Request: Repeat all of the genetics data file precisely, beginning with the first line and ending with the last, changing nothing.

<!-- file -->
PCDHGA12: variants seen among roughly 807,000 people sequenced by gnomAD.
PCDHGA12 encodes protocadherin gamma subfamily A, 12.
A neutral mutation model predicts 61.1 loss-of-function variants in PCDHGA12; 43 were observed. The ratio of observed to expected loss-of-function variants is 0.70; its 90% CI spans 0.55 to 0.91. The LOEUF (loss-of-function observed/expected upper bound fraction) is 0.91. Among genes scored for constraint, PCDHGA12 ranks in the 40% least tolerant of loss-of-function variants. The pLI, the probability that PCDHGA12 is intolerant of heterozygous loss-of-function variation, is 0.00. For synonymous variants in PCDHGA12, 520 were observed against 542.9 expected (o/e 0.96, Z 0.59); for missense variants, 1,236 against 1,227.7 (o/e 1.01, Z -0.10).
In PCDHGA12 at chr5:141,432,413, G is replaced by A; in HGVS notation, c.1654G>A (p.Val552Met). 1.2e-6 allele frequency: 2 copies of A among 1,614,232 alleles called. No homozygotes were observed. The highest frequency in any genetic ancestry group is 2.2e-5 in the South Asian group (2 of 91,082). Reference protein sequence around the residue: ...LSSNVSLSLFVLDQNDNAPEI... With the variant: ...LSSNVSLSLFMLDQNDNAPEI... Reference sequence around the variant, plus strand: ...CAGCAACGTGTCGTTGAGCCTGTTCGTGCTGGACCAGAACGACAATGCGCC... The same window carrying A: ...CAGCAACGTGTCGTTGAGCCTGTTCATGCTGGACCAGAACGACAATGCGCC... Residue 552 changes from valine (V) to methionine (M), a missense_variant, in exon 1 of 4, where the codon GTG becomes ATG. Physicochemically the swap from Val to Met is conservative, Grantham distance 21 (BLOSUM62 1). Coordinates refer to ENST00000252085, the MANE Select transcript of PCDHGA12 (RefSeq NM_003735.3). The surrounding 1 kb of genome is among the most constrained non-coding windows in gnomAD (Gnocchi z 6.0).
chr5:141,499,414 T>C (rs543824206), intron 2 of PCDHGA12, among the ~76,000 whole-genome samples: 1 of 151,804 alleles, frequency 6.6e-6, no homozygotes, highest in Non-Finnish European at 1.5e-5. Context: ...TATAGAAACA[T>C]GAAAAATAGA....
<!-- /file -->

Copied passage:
PCDHGA12: variants seen among roughly 807,000 people sequenced by gnomAD.
PCDHGA12 encodes protocadherin gamma subfamily A, 12.
A neutral mutation model predicts 61.1 loss-of-function variants in PCDHGA12; 43 were observed. The ratio of observed to expected loss-of-function variants is 0.70; its 90% CI spans 0.55 to 0.91. The LOEUF (loss-of-function observed/expected upper bound fraction) is 0.91. Among genes scored for constraint, PCDHGA12 ranks in the 40% least tolerant of loss-of-function variants. The pLI, the probability that PCDHGA12 is intolerant of heterozygous loss-of-function variation, is 0.00. For synonymous variants in PCDHGA12, 520 were observed against 542.9 expected (o/e 0.96, Z 0.59); for missense variants, 1,236 against 1,227.7 (o/e 1.01, Z -0.10).
In PCDHGA12 at chr5:141,432,413, G is replaced by A; in HGVS notation, c.1654G>A (p.Val552Met). 1.2e-6 allele frequency: 2 copies of A among 1,614,232 alleles called. No homozygotes were observed. The highest frequency in any genetic ancestry group is 2.2e-5 in the South Asian group (2 of 91,082). Reference protein sequence around the residue: ...LSSNVSLSLFVLDQNDNAPEI... With the variant: ...LSSNVSLSLFMLDQNDNAPEI... Reference sequence around the variant, plus strand: ...CAGCAACGTGTCGTTGAGCCTGTTCGTGCTGGACCAGAACGACAATGCGCC... The same window carrying A: ...CAGCAACGTGTCGTTGAGCCTGTTCATGCTGGACCAGAACGACAATGCGCC... Residue 552 changes from valine (V) to methionine (M), a missense_variant, in exon 1 of 4, where the codon GTG becomes ATG. Physicochemically the swap from Val to Met is conservative, Grantham distance 21 (BLOSUM62 1). Coordinates refer to ENST00000252085, the MANE Select transcript of PCDHGA12 (RefSeq NM_003735.3). The surrounding 1 kb of genome is among the most constrained non-coding windows in gnomAD (Gnocchi z 6.0).
chr5:141,499,414 T>C (rs543824206), intron 2 of PCDHGA12, among the ~76,000 whole-genome samples: 1 of 151,804 alleles, frequency 6.6e-6, no homozygotes, highest in Non-Finnish European at 1.5e-5. Context: ...TATAGAAACA[T>C]GAAAAATAGA....